Hello and Happy New Year!
Thank you again for taking the time to read my letter. I hope you find it informative and educational. I have broken this one up into two parts. Part one is a recitation of the general principles which govern my philosophy of investment advice. Part two is a review of the market/economic phenomena of the past year.
PART ONE: GENERAL PRINCIPLES OF INVESTMENT
- My overall principal of investment advice is that it is goal-focused and planning-driven, being sharply distinguished from an approach that is market-focused and current-events-driven. Long-term investment success comes from continuously acting on a plan. Investment failure proceeds from continually reacting to current events in the economy and the markets.
- You and I are long-term investors, working steadily toward the achievement of our most cherished lifetime goals. We make no attempt to forecast, much less time, the market; indeed, we believe these to be fool's errands.
- Since we accept that the market cannot be consistently timed by us or anyone, we believe that the only way to be sure of capturing the full premium return of equities is to ride out their frequent but ultimately temporary declines.
- By my count, there have been 15 “bear markets” in equities since the end of World War II—an average of one every five years or so. The average depth of these declines was something on the order of 30%. But in September 1945 the forerunner of the S&P 500-Stock Index was about 161; the Index ended this past year at 3,231. Thus, at least historically, the permanent advance has triumphed over the temporary declines.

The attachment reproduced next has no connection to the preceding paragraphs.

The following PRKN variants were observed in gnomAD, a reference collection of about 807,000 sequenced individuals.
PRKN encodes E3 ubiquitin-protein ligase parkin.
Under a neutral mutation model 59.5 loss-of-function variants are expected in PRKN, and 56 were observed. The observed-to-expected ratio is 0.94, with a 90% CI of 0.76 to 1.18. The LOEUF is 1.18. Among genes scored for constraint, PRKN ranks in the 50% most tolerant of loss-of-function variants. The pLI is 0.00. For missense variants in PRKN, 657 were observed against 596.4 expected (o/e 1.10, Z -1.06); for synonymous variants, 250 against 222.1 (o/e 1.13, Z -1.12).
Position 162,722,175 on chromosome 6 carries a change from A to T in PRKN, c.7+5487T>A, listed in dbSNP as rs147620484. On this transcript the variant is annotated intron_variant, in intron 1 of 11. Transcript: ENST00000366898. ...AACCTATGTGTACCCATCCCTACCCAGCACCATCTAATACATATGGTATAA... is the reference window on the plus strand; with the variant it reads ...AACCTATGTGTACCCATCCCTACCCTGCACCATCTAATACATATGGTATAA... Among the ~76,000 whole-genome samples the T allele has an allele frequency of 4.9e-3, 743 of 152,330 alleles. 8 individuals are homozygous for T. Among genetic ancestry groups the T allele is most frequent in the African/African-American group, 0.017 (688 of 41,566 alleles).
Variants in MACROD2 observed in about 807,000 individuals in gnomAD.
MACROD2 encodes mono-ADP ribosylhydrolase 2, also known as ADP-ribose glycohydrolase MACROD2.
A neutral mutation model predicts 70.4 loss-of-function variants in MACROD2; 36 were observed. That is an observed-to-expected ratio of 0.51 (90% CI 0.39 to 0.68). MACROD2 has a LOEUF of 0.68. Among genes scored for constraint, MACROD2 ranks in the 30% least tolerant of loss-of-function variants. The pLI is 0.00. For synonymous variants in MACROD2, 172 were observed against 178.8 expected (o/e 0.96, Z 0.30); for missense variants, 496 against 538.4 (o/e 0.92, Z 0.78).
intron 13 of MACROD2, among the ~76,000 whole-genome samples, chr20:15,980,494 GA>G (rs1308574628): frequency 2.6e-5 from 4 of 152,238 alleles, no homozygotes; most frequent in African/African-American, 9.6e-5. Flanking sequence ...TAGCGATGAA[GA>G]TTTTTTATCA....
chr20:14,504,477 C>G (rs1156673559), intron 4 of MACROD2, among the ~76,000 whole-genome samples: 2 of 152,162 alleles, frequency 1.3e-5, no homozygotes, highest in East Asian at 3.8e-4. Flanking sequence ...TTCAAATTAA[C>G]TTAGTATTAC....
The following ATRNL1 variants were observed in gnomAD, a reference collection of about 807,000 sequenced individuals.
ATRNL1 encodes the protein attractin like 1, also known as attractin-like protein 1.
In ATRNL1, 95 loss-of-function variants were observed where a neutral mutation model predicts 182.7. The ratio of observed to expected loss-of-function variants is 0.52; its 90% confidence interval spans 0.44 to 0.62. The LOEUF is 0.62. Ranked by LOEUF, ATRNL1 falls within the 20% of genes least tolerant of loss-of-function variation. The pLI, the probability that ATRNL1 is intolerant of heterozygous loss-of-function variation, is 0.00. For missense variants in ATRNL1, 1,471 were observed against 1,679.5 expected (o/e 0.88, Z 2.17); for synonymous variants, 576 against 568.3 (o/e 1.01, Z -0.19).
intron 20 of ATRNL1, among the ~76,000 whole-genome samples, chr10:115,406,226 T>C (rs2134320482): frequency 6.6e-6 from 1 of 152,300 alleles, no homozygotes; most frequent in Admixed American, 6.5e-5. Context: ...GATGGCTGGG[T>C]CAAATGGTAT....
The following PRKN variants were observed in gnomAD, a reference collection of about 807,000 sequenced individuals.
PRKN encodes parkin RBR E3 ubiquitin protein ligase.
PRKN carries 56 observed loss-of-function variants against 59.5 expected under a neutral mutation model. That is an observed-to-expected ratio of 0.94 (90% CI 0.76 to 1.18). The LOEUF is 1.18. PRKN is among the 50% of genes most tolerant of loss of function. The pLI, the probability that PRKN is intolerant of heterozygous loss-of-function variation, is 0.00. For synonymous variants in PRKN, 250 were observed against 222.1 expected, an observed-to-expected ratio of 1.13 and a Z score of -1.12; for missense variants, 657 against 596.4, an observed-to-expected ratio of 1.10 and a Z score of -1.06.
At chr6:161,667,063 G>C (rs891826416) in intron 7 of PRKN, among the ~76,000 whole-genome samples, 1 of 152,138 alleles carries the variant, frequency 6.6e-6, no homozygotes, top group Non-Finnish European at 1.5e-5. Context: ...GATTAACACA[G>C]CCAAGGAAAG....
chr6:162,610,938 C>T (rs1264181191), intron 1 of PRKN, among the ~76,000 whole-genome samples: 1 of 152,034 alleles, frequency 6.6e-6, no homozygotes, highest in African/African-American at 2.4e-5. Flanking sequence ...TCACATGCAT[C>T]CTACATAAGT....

- My essential principles of goal-focused portfolio management remain unchanged. (a) The performance of a portfolio relative to a benchmark is largely irrelevant to long-term financial success. (b) The only benchmark we should care about is the one that indicates whether we are on track to accomplish our financial goals. (c) Risk should be measured as the probability that we won't achieve our goals. (d) Investing should have the exclusive goal of minimizing that risk.
PART TWO: CURRENT OBSERVATIONS
- Two thousand nineteen was, in important ways, the mirror image of the previous year. Two thousand eighteen was a dramatically outstanding one for the American economy despite which the equity market couldn't get out of its own way and ended on a terrific downbeat. (To wit: a 19.8% peak-to-trough decline through Christmas Eve.) This past year was the exact opposite: an exceptionally good year for the market—up 29%—even though the economy slowed somewhat, manufacturing went into decline, and the earnings of the S&P 500 almost certainly ended 2019 down slightly year-over-year.
- Without laboring the market's course over the entire year, it was in essence a sequence of three important forays into new high ground. First, it made up all of 2018's fourth quarter drawdown, and broke out at the end of April. It then corrected sharply, about which I'll have more to say in a moment. Another series of new highs followed in June-July and consolidated into the fall. The third and most dramatic breakout took place at the end of October and continued through year-end.
- These three successive waves of new highs seem to me to have attended upon a slowly growing realization that widespread fears of major disaster were overblown. This was particularly true, I think, with respect to the late October breakout and the virtual melt-up that followed.